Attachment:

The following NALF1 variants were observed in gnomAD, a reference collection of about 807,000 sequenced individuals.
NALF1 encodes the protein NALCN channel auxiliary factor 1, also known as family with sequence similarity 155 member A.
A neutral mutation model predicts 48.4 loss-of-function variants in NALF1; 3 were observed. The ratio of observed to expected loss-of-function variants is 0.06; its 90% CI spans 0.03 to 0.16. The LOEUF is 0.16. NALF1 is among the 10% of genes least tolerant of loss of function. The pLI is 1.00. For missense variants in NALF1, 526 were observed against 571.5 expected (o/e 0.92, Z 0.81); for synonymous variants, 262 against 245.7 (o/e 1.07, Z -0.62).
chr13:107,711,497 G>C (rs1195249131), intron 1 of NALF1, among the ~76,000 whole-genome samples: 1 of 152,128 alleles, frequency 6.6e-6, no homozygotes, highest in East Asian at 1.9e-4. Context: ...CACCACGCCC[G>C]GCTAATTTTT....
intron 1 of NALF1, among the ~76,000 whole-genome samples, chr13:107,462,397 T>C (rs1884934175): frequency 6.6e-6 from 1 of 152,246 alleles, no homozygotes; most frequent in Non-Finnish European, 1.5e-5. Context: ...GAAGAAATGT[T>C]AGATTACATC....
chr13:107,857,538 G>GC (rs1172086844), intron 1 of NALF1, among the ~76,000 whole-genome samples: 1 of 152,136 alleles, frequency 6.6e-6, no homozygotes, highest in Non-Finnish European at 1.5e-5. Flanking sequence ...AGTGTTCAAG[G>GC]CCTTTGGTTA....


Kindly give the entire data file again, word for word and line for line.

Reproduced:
The following NALF1 variants were observed in gnomAD, a reference collection of about 807,000 sequenced individuals.
NALF1 encodes the protein NALCN channel auxiliary factor 1, also known as family with sequence similarity 155 member A.
A neutral mutation model predicts 48.4 loss-of-function variants in NALF1; 3 were observed. The ratio of observed to expected loss-of-function variants is 0.06; its 90% CI spans 0.03 to 0.16. The LOEUF is 0.16. NALF1 is among the 10% of genes least tolerant of loss of function. The pLI is 1.00. For missense variants in NALF1, 526 were observed against 571.5 expected (o/e 0.92, Z 0.81); for synonymous variants, 262 against 245.7 (o/e 1.07, Z -0.62).
chr13:107,711,497 G>C (rs1195249131), intron 1 of NALF1, among the ~76,000 whole-genome samples: 1 of 152,128 alleles, frequency 6.6e-6, no homozygotes, highest in East Asian at 1.9e-4. Context: ...CACCACGCCC[G>C]GCTAATTTTT....
intron 1 of NALF1, among the ~76,000 whole-genome samples, chr13:107,462,397 T>C (rs1884934175): frequency 6.6e-6 from 1 of 152,246 alleles, no homozygotes; most frequent in Non-Finnish European, 1.5e-5. Context: ...GAAGAAATGT[T>C]AGATTACATC....
chr13:107,857,538 G>GC (rs1172086844), intron 1 of NALF1, among the ~76,000 whole-genome samples: 1 of 152,136 alleles, frequency 6.6e-6, no homozygotes, highest in Non-Finnish European at 1.5e-5. Flanking sequence ...AGTGTTCAAG[G>GC]CCTTTGGTTA....